Author: Smith, Roland
Pat O'Toole has always idolized his older brother, Coop, right up until the day Coop ran away from their home just outside Washington, D.C. -- now a year later he has received a package containing a digital voice recorder and a cryptic message from his brother, which will lead Pat on a strange and dangerous journey to the mysterious Community living beneath the streets of New York.
|Accelerated Reader Information:|
Interest Level: MG+
Reading Level: 4.30
Points: 6.0 Quiz: 172527
|Reading Counts Information:|
Interest Level: 6-8
Reading Level: 4.40
Points: 12.0 Quiz: 65501
School Library Journal (01/01/15)
The Bulletin of the Center for Children's Books (A) (02/15)
Full Text Reviews:
School Library Journal - 01/01/2015 Gr 6–9—Fans of the "Tunnels" series (Scholastic, 2008) will enjoy Smith's latest. Pat and Coop were always close. Coop even let Pat help with his secret tunnel project under Washington, DC. But after an accidental gas explosion, Coop runs away. One year later, Pat receives a package with a recorder and a message that leads him on a mission to find and rescue his old friend. Smith spends much of the first 100 pages on backstory, though it is imperative to understanding the relationship between Pat and Coop had and why Pat is so motivated to travel alone to New York City to find him. This makes the pacing slow at first, but it increases dramatically once Pat makes it to the society under the city. The second half is better paced and action-packed. Beneath hits all the notes of an underground novel, with several allusions to classics such as Jules Verne's Journey to the Center of the Earth and H.G. Wells's The Time Machine. Avid lovers of adventure fiction will enjoy this quick read.—Patrick Tierney, Dr. Martin Luther King Elementary School RI - Copyright 2015 Publishers Weekly, Library Journal and/or School Library Journal used with permission.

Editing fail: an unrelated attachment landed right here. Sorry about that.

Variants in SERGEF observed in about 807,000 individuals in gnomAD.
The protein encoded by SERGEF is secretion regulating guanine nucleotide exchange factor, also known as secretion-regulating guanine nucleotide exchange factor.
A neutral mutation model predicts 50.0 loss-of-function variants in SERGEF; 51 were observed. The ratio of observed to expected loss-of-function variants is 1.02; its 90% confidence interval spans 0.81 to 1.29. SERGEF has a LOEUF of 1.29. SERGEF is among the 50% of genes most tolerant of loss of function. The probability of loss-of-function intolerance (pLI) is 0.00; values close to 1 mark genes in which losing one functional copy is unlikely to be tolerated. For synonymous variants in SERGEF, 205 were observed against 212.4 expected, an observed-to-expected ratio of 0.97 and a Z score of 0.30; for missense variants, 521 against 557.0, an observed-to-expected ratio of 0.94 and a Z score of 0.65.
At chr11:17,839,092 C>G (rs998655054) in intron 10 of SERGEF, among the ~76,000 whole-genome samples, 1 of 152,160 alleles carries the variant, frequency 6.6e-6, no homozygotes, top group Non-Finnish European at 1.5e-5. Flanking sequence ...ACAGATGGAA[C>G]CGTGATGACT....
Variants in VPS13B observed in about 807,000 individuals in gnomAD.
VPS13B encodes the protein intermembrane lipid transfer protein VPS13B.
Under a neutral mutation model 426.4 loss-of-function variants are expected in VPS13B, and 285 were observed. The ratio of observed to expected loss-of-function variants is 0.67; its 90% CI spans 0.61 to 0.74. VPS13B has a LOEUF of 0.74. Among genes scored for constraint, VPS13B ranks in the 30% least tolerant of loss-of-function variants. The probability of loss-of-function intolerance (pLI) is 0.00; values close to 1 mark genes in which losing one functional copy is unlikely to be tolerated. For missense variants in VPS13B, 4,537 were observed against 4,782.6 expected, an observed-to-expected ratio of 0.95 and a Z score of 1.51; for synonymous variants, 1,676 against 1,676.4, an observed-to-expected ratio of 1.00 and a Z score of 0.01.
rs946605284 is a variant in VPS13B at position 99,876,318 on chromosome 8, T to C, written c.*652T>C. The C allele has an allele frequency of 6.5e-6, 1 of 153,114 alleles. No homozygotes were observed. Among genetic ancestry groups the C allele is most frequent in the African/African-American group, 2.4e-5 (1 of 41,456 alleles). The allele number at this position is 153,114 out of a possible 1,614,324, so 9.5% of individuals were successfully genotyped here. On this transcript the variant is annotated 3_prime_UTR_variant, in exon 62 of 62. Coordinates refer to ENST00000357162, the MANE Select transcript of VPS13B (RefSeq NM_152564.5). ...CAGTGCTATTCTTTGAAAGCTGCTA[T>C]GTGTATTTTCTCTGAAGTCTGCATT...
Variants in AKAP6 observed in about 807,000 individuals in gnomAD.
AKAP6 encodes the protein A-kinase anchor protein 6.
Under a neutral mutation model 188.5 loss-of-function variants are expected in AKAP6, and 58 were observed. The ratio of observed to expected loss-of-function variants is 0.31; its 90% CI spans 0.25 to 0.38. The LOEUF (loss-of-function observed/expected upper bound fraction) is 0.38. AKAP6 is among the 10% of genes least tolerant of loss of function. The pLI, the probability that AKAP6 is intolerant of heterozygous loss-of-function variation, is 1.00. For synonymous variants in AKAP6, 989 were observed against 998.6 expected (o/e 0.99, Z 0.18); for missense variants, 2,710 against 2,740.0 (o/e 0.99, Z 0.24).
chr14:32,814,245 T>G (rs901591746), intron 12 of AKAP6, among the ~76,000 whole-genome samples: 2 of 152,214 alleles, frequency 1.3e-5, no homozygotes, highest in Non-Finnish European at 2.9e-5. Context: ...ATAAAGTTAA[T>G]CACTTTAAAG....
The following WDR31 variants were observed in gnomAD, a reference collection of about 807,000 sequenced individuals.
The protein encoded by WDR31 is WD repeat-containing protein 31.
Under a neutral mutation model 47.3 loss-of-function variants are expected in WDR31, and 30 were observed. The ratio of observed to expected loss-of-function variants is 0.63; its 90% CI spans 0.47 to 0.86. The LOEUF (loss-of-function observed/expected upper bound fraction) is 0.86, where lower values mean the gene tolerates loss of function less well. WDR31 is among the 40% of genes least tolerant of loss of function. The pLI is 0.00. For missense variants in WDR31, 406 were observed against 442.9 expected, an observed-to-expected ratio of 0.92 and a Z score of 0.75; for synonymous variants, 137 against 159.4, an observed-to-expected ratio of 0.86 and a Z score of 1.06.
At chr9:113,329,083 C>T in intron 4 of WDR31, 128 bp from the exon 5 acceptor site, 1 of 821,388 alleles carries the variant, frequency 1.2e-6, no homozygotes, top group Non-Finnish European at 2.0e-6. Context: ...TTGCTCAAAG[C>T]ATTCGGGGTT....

Bulletin for the Center... - 02/01/2015 Pat O’Toole has always adored his older brother, Coop, the scourge of their over-achieving parents. Coop, with technophobe tendencies, a diet limited to tuna sandwiches, and an obsession with everything that lies below the surface, takes off at age eighteen and finally makes contact with Pat months later, sending him a small voice recorder and a post box address in New York City through which they can exchange messages. It works for a while, but when the messages abruptly stop, Pat lies to his parents and heads to the city to ferret out Coop. Spotting a man taking mail from Coop’s post office box, Pat gets his first solid lead; it takes him to an underground community of “houseless” persons with whom Coop had recent contact. He didn’t stay long, however, drawn even deeper underground toward a settlement of people of fearsome and deadly repute. Pat’s assisted by Kate, a girl from The Deep who claims to know Coop, and who sees in the two brothers her ticket out of the dystopian community in which she has been raised by her grandfather-a radical Weatherman from the Sixties with plans to wreak anarchy on the surface dwellers. Smith sketches out a couple of promising plotlines but never lingers long enough to develop them satisfactorily, leaving readers wishing they could spend more time investigating the living arrangements of the underground community, and needing more specifics about the threat from (as well as background information about) the holdout Weathermen. An ambiguous conclusion leaves room for a sequel, but the peril lurking just under the city may be the most rewarding ending for thriller fans. EB - Copyright 2015 The Board of Trustees of the University of Illinois.